Give the guy credit. He took his DV equipment right into Pakistan and, with only minimal guidance and apparently no script, he set his "actors" in motion in a story about a child trying to leave his Pakistan home and escape through a network of "human smuggling" to London.
The results... the struggle to gather the necessary traveling gear, the struggle to communicate with those who don't speak his language, the ordeals on the road by truck and on foot, the nerve-wracking moments at military checkpoints, a terrifying border crossing on a snowy mountainside as patrols open fire on illegals, an excruciating trial trapped in a metal crate for days that recalls the terror of Blair Witch... are really amazing.
You could easily convince viewers they are watching a documentary, but then they'd wonder how the cameras got there. The actors are surprisingly principled in ignoring the cameras, but then at time children run to the camera and want to be seen, reminding us of just how real, how immediate this humanitarian crisis really is. There is also a palpable sense of danger; you can almost smell the filmmakers' sweat as they seem to be risking their lives just to make this rather improvisational piece. How many of those guys with guns on the edges of the fram are actors, and how many are really watching this Englishman with a camera and wondering what he's up to?
It was a hard film to watch... feeling heavy and draining even at its approx. 90 minute running time. Part of the reason it is a tiring ordeal can be chalked up to the strain of trying to understand what we are seeing. The quick-and-dirty filming tactics left much of the dialogue muffled, and subtitles provide only sketchy details. I can listen to that kind of substandard soundtrack for only so long in a theatre without getting a bit weary of it. But Winterbottom's sense of urgency, that feeling of "The world needs to see this now!" makes up for it. We DO need to see this now.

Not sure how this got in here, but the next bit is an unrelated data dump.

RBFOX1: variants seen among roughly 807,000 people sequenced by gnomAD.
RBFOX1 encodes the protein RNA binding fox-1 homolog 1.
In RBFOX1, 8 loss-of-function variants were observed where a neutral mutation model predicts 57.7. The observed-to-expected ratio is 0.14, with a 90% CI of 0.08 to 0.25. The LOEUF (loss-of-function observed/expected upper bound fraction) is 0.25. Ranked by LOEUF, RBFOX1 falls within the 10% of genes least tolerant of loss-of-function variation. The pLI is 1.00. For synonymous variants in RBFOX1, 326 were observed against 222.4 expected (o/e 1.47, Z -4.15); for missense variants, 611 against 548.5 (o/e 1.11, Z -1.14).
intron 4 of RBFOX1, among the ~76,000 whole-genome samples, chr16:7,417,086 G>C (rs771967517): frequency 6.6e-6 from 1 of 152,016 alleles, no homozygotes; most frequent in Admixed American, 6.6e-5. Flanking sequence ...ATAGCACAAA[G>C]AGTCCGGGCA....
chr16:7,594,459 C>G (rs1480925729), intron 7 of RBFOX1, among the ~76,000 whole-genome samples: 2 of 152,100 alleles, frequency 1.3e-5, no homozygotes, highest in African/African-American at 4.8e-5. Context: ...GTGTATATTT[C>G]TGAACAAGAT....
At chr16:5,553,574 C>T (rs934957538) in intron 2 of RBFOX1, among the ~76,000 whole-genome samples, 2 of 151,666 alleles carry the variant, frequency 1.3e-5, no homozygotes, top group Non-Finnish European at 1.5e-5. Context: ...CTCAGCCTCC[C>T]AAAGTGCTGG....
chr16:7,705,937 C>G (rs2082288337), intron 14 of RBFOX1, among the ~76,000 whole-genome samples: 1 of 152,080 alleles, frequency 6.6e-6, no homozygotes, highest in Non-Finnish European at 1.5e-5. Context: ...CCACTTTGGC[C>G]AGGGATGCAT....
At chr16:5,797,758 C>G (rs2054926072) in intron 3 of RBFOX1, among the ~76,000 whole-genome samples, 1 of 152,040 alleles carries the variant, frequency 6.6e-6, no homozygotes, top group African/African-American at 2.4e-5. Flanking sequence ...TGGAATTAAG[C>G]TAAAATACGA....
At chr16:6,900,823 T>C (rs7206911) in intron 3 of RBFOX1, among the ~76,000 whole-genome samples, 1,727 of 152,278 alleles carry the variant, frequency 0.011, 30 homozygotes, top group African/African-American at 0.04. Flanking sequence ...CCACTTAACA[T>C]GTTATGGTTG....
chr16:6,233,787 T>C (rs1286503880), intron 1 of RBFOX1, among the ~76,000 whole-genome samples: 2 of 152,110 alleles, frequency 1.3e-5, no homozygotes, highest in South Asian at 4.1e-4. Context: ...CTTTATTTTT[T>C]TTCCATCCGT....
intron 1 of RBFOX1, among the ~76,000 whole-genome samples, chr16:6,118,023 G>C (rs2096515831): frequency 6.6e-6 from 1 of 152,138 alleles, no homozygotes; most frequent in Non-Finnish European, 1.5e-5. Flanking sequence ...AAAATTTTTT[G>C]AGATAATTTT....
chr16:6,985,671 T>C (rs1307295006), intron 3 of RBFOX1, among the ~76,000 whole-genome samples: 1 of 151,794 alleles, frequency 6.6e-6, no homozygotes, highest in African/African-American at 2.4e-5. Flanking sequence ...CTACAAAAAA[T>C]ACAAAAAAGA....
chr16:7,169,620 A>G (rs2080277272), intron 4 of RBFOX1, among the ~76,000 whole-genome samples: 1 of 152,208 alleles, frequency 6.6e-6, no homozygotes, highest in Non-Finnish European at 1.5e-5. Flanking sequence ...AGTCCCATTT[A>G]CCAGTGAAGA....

So I share J. Robert's enthusiasm... it's a film everyone should see... NOW. The question is, how? I'm not sure how widely it will be distributed. Keep your eyes and ears open for an opportunity and do yourself the favor of attending.
Here's an excerpt from Michael Atkinson's review at Village Voice:
Winterbottom is one of the most politically responsible filmmakers in England, and here he sets out to record the nightmarish but now utterly common voyage of illegal refugees, traveling with two uneducated Pashtun youths from freshly bombed Afghanistan to London. All-digital and slyly crafted, the movie is 90 percent raw experience—a relentless series of uncomfortable truck rides through low Asian wastelands—abetted by a stat-quoting BBC narrator and animated maps, a moving red line indicating the journey's progress as if the two Afghans were Lewis and Clark.
Jamal, 13, is the savvier of the two, already equipped with a sprinkling of English; twentyish Enayat has the honest face of a toddler and is wary enough to doubt every coyote and money changer they meet. Both are first-time actors cold from refugee camps, and their integration into social landscapes is complete, among their countrymen or out of their element in Iran and Turkey. Little was rehearsed. Winterbottom uses the traits of documentary respectfully; his points of view are not consistently verité, but the textures are intimidatingly real. The odyssey rolls out matter-of-factly, as Jamal and Enayat traverse undeveloped hinterlands and negotiate one border after another before getting to Istanbul, and a sealed cargo box aboard a Mediterranean freighter becomes something of a Calvary for all concerned.
That sequence is prototypical Winterbottom: Locked into darkness with a half-dozen other paying emigrants, including a crying infant, for over 40 hours, the refugees begin unraveling and begging for release. The camera's with them, catching only lighter-flash glimpses of their desperation. Then the baby goes quiet, and once it lands in Trieste we only see the truck get unpacked, methodically, from the outside, not knowing what we'll find inside or who'll still be alive.
The scenes in In This World aren't developed dramatically—they're just presented for their experiential torque (as with a night scramble in the Turkish mountains, the digital photography taking on the creepy, halting minimalism of a struggling download). Winterbottom was set on bare-bones realism, and so the scalding lyricism of ferocious terrain and sociopolitical absurdity seen in, say, Kandahar or A Time for Drunken Horses, is never resourced. In the end, Winterbottom returns to the Pakistani-border refugee camps, where scores of destitute kids smile at the camera, their stories untold.